Ever since we first visited The Getty Center I’ve been anticipating a visit to the museum’s sister property, The Getty Villa. The Villa is located atop the bluffs north of Pacific Palisades, similarly considered the very southern part of Malibu. If The Getty Center location is their hub for fine arts, like paintings, The Getty Villa is their hub for Grecian architecture, sculpture, and other artifacts from early Grecian and Roman cultures.
Located where it is, the Villa is a bit more difficult to get to only because you have to drive through Santa Monica to get to the Pacific Coast Highway before heading north. We left Irvine right around 10am and were parked at the Villa in an unprecedented 65 minutes; I still don’t know how we managed such magic! (The drive home, on the other hand, took just under two hours. Timing man, it’s everything here!) Like the Getty Center, admission to the museum is completely free but reservations and printed time-entry tickets are required to even enter the property. Parking is paid upon entry and is $15; if you visit both campuses in one day you only pay for parking once and can use the same pass at the other location. This location is opened from 10am-5pm but has some evening programming. A good thing to know is that the Villa is NOT open on Tuesdays, but is open the other six days of the week. We’ve almost visited on a Tuesday before; I’m so glad we didn’t make the drive only to find it closed!
Here is what you’ll see at the Getty Villa:
Marble: Everything here is made of marble! The walls! The floors! The columns! I don’t think I’ve ever seen so much marble in my entire life. A volunteer in one exhibit told us that they spent $175 million on their 2006 renovation, and most of that was the cost of marble. Oh, and don’t forget the marble statues, busts, and other pieces!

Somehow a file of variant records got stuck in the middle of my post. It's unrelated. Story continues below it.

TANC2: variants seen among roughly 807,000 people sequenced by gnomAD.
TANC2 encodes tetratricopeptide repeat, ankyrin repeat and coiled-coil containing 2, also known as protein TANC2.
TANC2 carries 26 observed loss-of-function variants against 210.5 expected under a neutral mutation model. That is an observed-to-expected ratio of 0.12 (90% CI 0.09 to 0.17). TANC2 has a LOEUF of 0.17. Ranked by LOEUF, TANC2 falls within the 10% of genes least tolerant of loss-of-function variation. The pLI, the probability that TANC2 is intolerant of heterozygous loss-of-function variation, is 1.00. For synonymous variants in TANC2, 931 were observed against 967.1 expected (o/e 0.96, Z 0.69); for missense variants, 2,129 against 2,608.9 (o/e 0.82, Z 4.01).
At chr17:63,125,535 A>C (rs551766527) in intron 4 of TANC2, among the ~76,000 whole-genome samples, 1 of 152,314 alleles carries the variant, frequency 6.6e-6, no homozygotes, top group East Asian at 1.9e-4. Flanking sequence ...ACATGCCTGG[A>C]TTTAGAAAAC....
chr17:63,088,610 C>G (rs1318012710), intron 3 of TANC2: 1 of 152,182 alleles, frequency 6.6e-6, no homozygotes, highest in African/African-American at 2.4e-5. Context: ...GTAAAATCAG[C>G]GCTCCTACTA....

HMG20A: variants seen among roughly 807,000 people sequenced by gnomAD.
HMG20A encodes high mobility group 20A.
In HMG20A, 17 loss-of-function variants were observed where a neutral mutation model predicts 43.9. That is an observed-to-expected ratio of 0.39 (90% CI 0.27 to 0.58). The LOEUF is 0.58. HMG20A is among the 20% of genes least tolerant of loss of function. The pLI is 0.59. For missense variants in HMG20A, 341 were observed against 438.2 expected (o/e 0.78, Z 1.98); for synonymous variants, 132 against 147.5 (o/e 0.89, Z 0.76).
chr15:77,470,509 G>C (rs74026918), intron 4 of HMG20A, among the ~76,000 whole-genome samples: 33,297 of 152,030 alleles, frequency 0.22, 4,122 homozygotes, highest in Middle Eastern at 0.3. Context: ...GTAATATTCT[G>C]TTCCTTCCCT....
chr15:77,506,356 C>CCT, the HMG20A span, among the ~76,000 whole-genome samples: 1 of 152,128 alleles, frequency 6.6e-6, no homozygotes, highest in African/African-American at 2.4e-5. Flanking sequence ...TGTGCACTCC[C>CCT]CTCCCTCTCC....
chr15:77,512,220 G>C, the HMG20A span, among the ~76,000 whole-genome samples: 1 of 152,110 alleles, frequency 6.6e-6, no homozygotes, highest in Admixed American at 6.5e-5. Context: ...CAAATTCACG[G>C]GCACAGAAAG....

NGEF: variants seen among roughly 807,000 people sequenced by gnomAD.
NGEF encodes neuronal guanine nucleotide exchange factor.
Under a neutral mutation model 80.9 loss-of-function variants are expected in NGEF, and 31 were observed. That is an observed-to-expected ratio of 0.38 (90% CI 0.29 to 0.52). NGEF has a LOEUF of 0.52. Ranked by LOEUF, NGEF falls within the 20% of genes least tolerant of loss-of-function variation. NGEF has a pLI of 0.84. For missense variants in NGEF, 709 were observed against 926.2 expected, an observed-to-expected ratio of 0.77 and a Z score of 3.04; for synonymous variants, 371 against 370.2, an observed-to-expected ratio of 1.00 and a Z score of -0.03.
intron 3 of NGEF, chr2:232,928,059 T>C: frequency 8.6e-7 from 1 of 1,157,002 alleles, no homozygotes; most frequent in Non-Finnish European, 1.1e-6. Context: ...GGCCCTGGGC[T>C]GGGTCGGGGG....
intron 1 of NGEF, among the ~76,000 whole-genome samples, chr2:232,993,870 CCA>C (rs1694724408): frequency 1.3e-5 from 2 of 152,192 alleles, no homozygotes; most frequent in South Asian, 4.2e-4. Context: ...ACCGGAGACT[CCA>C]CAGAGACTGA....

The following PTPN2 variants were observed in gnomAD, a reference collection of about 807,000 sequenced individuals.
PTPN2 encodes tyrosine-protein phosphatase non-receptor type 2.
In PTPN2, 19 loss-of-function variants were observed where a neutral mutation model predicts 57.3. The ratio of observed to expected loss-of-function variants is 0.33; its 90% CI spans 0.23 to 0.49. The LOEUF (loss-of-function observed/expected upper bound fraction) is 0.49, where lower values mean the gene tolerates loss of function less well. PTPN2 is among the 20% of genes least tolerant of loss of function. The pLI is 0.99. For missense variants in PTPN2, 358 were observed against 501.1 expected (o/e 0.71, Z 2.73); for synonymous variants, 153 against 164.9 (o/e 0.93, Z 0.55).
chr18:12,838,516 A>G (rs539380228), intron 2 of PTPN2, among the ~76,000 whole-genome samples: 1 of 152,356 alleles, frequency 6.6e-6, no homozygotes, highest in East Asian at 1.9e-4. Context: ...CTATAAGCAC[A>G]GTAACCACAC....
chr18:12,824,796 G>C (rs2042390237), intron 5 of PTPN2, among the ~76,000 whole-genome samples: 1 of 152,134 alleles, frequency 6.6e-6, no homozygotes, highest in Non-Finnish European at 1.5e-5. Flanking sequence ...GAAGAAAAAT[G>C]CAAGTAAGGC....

Statues: Busts, busts, and more busts. I’ve never seen so many heads of so many ancient people. Sculptures of Greek goddesses and deities. Creepy busts and statues with eerie white eyes, yikes. Basically, you’ve stepped back in time and are now in 20 A.D. Greece or Rome.
Jewelry & Coins: I loved looking at the jewelry on display; it may have been one of my favorite parts. I like to try to imagine the men and women who wore those pieces, and think of how long ago they lived. Rings and other pieces can be so personal. I frequently looked down at my grandmother’s ring on my right hand and thought that maybe I was looking at something that another girl my age truly treasured, just almost 2,000 years ago.
Gorgeous Grecian Architecture & Gardens: I could go just to wander the grounds and be fine missing out on the art! There were hundreds of roses, shrubs, and even pomegranate trees! (I’d never seen a pomegranate tree before!) I cannot even put into words how beautiful the museum and the gardens are. You just have to see to understand. I hope these photos will suffice!
And don’t forget to look up and look down! Again, the architecture and the details here are an exhibit of their own. The floors in the halls and different exhibit rooms differ, offering many different styles and designs, made mostly (if not completely) with exquisite marble. The ceilings are painted or decorated with intricate carvings.